Much as we tend to shy away from “Designer of the Year” awards, the presentation of German architecture and design magazine A&W’s Designer of the Year award is always an early highpoint of the Passagen Cologne Design Week.
Principally because it invariably results in a compact yet informative exhibition from and about the selected designer. An exhibition that is perhaps never independent nor critical, but which always provides an accessible overview of the designers oeuvre.
Born in Ferrara, Italy, in 1951 Michele De Lucchi studied architecture in Ferrara and Florence before establishing his first architecture practice in Florence in 1976. In 1977 De Lucchi moved to Milan where he quickly became one of the leading protagonists of the experimental design and architecture scene that developed in city during the 1980s and which, in many ways, still defines Milan’s reputation as one of Europe’s most important centres of architecture and design.
From the early days of his career Michele De Lucchi has worked parallel as architect and designer and has never defined himself as one or the other. And in this sense, according to Michel De Lucchi, the exhibition in Cologne has been conceived “to show that design and architecture are not that far removed from one another, the inspiration for both comes from the same sources.”
To this end the exhibition in Cologne features a mix of recent architecture projects such as the Bridge of Peace in Tbilisi, Georgia, the St James Chapel in Auerberg, Bavaria, the Il Tronco office building in Pforzheim, Germany or the so-called Pavilion Zero currently under construction in Milan for the forthcoming Expo 2015, and design projects including the Bisonte stool for De Lucchi’s own Produzione Privata brand and the Tolomeo Tavolo lamp for Artemide.
Each featured project is accompanied by a short text from De Lucchi in which he explains the background thinking to and conceptual basis of the project; thus not only allowing visitors to understand this common genesis but also providing a glimpse into the creative thinking of this most influential architect, designer and theorist.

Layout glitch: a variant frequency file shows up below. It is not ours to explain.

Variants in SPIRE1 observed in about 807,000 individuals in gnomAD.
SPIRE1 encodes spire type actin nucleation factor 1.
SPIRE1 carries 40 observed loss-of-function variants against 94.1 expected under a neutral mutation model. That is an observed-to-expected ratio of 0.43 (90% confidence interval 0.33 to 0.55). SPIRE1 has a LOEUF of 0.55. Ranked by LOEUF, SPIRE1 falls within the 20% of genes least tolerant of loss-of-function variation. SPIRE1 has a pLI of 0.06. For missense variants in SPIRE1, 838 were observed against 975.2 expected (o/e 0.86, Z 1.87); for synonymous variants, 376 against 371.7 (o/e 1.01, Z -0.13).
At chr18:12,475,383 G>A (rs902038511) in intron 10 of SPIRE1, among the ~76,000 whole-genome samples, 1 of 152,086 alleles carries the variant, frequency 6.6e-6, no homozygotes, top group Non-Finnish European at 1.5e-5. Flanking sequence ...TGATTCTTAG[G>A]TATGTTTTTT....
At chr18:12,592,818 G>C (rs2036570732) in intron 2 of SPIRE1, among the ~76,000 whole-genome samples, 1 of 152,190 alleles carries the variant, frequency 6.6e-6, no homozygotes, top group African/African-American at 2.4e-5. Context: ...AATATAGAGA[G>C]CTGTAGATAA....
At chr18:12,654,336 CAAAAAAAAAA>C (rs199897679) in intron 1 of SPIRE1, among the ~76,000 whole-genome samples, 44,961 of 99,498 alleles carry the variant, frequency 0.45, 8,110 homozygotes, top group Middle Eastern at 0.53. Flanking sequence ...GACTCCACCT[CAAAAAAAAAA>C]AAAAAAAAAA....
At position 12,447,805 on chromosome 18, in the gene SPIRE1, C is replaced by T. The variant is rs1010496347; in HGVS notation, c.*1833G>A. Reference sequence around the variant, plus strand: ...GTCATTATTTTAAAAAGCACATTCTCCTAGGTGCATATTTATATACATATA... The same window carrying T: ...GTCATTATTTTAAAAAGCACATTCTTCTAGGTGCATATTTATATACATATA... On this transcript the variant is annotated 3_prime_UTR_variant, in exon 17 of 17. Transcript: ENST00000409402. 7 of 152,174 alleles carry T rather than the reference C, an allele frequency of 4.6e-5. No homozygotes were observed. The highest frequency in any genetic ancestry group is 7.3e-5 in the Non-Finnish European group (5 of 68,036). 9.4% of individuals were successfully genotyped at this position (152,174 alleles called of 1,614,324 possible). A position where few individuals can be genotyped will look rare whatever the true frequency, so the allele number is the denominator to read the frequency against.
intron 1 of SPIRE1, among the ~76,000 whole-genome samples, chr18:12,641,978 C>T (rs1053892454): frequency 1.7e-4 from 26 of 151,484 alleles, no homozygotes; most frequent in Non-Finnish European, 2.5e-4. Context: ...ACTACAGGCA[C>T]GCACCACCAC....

Not that from the exhibition one would be able to automatically gauge just how influential De Lucchi is and was; it is in that respect a very modest and discreet exhibition that focuses on the projects and their origins and makes, for example, little or no reference to Olivetti or the Memphis Group, arguably the two locations where De Lucchi established the reputation he had developed in younger years.
Michele De Lucchi began working with Olivetti in 1979, at the time one of the leading and most innovative European company’s in terms of applying design in context of corporate identity and product development.
In 1980 Michele De Lucchi was a co-founder of the Post-modernist architecture and design collective Memphis Group which set out to de-construct ideas of the relationship between form and function and to challenge the conventional understanding of aesthetics.
Or put another way, to de-construct ideas of the relationship between form and function and to challenge the conventional understanding of aesthetics, as applied by companies such as Olivetti.
“No”, answers Michele De Lucchi confidently, “I felt very lucky because through working for Olivetti I had the freedom to develop Memphis and the experience allowed me to understand that design is not only about working professionally with industry but also that it is important that design has a relationship with art and with cultural development.”
But does he feel that people remember, understand, this artistic and cultural element of Memphis, or do they just see the bright coloured, largely asymmetric, objects?
“I believe Memphis is perceived more today as a style”, he replies, “but at that time we didn’t want to create a style but rather break down doors and free our imaginations to find new possibilities”
For yourselves that means Memphis was more a philosophy than a style?
“Design always has to have a very strong philosophical base”
Despite everything Michele De Lucchi has achieved, for us one of the key moments in his career came during the Milan Triennale 1973 where dressed as a Napoleonic soldier and carrying a sign stating “Generic Designer” and a rubbish bag labelled “Project” De Lucchi protested against the endless flow of new products being released onto the market and for all to remind designers of their ethical and social responsibility.
Would he do that again today, we ask, or have the conditions changed in the intervening four decades?
At the mention of the event a warm smile parts the broad, deep beard that has in many ways become Michele De Lucchi’s trademark, settantatre he chuckles.
“I think it is still very important to remember that as an architect or as a designer you don’t just design the shape of the object or the layout of a building, you design the behaviour of the people who use the space or use the object. And so design and architecture are very deeply involved with society and are not just about the business”
And with an attitude like that Michele De Lucchi is the sort of designer who deserves an award every day of the week.
The A&W Designer of the Year 2015 exhibition by and about Michele De Lucchi can be viewed at the Kölnischer Kunstverein, Hahnenstraße 6, 50667 Cologne until Sunday January 25th.
A few impressions.